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Author Topic: Sheb's European Megathread: Remove Feta!  (Read 1368691 times)

Helgoland

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Re: Sheb's European Politics Megathread
« Reply #14310 on: January 13, 2015, 04:37:46 pm »

Still, it's piss worthy one can basically patent food.
You know, breeders already have something like a patent system. Nobody's ever complained about that.

Also, studies (a.k.a. American turist visiting and staying in EU) show Americans are surprised how actually tasty our non-GMO fruit/vegetables are so there. :P
Our delicious Dutch non-GMO red water balloons tomatoes?
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scriver

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Re: Sheb's European Politics Megathread
« Reply #14311 on: January 13, 2015, 04:40:11 pm »

I'd possibly join a protest against it. I don't mind GMO, I mind GMO companies being money grubbing assholes.

I'd need to look into the laws to see if they'd be allowed to pull the whole 'sue farmer for wind pollination' shit that can happen in America over here before deciding.
Actually, if you look into that wind pollination issue more closely, you'll find that Monsanto was right. Basically, what the farmer did was finding that his field was contaminated, then sprayed his field with Roundup(thus killing all the non modified plants), gathered the seeds that survived, and used them for next year. I mean, he ended up with a 97% Monsanto crop contamination, hardly accidental.

On a side note, Monsanto also made a good case that the original contaminiation  also wasn't an accident, though they dropped that part of the case.

http://en.m.wikipedia.org/wiki/Monsanto_Canada_Inc_v_Schmeiser

That doesn't actually change the situation at all.
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Sinistar

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Re: Sheb's European Politics Megathread
« Reply #14312 on: January 13, 2015, 04:42:05 pm »

Basically it just bugs me because it's something as basic as food. Just like privatizing water sources. Without going into long-winded discussion (because while I'm sure we could discuss this like rational grown-ups with everyone putting up their pros and cons... I'm just too tired for this right now) I'll excuse myself and just say it feels morally wrong.

ninja edit:
See, I'm already too tired to even think straight.
You know, breeders already have something like a patent system. Nobody's ever complained about that.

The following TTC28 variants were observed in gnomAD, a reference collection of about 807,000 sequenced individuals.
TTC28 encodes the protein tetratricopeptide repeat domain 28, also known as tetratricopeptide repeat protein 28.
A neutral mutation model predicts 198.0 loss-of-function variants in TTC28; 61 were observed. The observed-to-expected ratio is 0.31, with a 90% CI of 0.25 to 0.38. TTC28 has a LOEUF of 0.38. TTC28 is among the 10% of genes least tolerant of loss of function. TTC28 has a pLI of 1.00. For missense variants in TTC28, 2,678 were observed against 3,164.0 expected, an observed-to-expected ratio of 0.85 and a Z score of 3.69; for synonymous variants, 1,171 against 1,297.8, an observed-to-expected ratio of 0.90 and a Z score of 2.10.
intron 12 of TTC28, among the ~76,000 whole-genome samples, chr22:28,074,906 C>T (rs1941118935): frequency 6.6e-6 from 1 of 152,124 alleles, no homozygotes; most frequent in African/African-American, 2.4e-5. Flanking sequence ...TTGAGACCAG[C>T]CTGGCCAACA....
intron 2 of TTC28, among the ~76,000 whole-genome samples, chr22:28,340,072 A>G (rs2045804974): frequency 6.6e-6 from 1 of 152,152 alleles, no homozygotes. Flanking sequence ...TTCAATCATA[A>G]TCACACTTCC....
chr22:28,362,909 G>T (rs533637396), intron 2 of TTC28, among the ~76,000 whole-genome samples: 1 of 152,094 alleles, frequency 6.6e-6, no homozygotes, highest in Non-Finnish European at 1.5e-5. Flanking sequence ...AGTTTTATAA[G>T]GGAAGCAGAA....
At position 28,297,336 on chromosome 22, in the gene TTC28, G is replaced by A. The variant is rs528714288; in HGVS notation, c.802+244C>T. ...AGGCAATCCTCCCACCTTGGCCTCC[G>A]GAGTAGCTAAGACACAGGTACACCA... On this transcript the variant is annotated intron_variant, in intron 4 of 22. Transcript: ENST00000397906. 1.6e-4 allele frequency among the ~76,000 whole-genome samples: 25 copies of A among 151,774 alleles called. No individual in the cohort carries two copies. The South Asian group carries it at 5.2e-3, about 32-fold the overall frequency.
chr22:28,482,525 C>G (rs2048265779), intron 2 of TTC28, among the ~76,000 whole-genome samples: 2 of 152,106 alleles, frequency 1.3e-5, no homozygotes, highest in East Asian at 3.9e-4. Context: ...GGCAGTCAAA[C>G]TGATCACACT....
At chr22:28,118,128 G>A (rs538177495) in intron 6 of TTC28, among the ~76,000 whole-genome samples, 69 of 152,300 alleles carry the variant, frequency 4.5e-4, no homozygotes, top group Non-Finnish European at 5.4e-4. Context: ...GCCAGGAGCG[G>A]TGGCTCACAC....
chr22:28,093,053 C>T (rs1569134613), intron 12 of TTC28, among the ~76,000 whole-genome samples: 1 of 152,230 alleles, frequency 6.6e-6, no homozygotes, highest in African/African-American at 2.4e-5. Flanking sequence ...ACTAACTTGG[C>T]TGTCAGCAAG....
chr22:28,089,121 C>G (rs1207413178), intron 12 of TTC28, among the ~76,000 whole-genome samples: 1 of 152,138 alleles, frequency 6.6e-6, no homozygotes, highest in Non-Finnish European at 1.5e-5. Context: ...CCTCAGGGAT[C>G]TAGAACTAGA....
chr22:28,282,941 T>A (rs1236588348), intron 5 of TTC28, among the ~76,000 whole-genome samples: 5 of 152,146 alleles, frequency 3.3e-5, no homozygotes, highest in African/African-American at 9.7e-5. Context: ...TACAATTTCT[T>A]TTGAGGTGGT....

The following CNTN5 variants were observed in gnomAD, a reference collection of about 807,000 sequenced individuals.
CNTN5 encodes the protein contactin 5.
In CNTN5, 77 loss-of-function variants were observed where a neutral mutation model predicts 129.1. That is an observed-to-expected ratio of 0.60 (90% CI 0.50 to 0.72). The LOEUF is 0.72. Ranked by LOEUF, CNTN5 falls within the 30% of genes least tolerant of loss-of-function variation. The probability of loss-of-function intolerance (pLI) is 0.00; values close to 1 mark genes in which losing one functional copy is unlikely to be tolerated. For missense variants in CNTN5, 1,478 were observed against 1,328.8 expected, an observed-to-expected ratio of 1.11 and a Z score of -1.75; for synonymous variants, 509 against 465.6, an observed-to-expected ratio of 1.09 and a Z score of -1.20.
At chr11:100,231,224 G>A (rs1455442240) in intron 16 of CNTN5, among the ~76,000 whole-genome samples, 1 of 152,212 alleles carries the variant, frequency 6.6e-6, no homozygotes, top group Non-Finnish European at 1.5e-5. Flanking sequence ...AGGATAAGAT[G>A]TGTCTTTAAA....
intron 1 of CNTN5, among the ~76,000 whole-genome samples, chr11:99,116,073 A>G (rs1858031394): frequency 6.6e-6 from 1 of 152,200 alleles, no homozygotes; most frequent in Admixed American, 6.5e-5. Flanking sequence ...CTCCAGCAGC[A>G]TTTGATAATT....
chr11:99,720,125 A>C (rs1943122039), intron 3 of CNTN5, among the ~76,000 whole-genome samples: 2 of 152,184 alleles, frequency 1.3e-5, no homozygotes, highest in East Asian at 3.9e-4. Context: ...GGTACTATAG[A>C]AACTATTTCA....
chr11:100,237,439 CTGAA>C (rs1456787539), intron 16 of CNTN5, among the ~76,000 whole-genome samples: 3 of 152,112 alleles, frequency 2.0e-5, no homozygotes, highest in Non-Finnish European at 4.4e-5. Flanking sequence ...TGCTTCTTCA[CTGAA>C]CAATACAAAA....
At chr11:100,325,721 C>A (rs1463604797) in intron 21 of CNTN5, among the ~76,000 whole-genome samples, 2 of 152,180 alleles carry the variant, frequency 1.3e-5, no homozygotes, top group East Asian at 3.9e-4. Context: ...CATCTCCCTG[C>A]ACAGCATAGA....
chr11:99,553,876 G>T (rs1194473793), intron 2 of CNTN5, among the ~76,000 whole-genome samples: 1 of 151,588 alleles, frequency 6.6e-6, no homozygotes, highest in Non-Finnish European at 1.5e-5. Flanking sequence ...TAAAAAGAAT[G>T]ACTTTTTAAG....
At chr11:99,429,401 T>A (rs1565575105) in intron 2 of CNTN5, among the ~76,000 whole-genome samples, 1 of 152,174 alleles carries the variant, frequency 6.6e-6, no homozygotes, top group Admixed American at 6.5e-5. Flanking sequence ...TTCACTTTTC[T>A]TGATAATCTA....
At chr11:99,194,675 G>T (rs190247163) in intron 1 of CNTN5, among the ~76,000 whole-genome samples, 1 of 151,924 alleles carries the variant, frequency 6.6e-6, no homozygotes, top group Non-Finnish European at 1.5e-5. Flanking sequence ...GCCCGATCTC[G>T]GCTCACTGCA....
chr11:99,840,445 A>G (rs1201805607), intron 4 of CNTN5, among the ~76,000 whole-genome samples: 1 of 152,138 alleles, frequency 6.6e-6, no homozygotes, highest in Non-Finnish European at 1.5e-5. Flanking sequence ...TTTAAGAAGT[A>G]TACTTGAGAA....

You'll have to explain with examples what you mean by that, sorry I don't get it right now.
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Sheb

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Re: Sheb's European Politics Megathread
« Reply #14313 on: January 13, 2015, 04:43:48 pm »

Well, do you also oppose privatization of fertilizer, tractor, fuel? They're all agricultural input.

Helgo mean that patents on crop have existed for a very long time (I think some apple varieties where patented in the 19th century), and that the whole issue pre-date GMOs.
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10ebbor10

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Re: Sheb's European Politics Megathread
« Reply #14314 on: January 13, 2015, 04:49:53 pm »

That doesn't actually change the situation at all.
Uhm, it kinda does.

It changes the situation from

"Evil Monsanto sues farmer because his fields were pollinated by their product, which he could not have avoided"

To

"Farmer specifically and deliberately selects for Monsanto crops in his seeds, obtains 97% pure feedstock for continued useage. Gets sued after Monsanto friendly asks him to buy a license."
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Helgoland

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Re: Sheb's European Politics Megathread
« Reply #14315 on: January 13, 2015, 04:53:43 pm »

You know, breeders already have something like a patent system. Nobody's ever complained about that.
You'll have to explain with examples what you mean by that, sorry I don't get it right now.
It's exactly what it says on the tin. Plant patent act, Plant breeders' rights.
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Frumple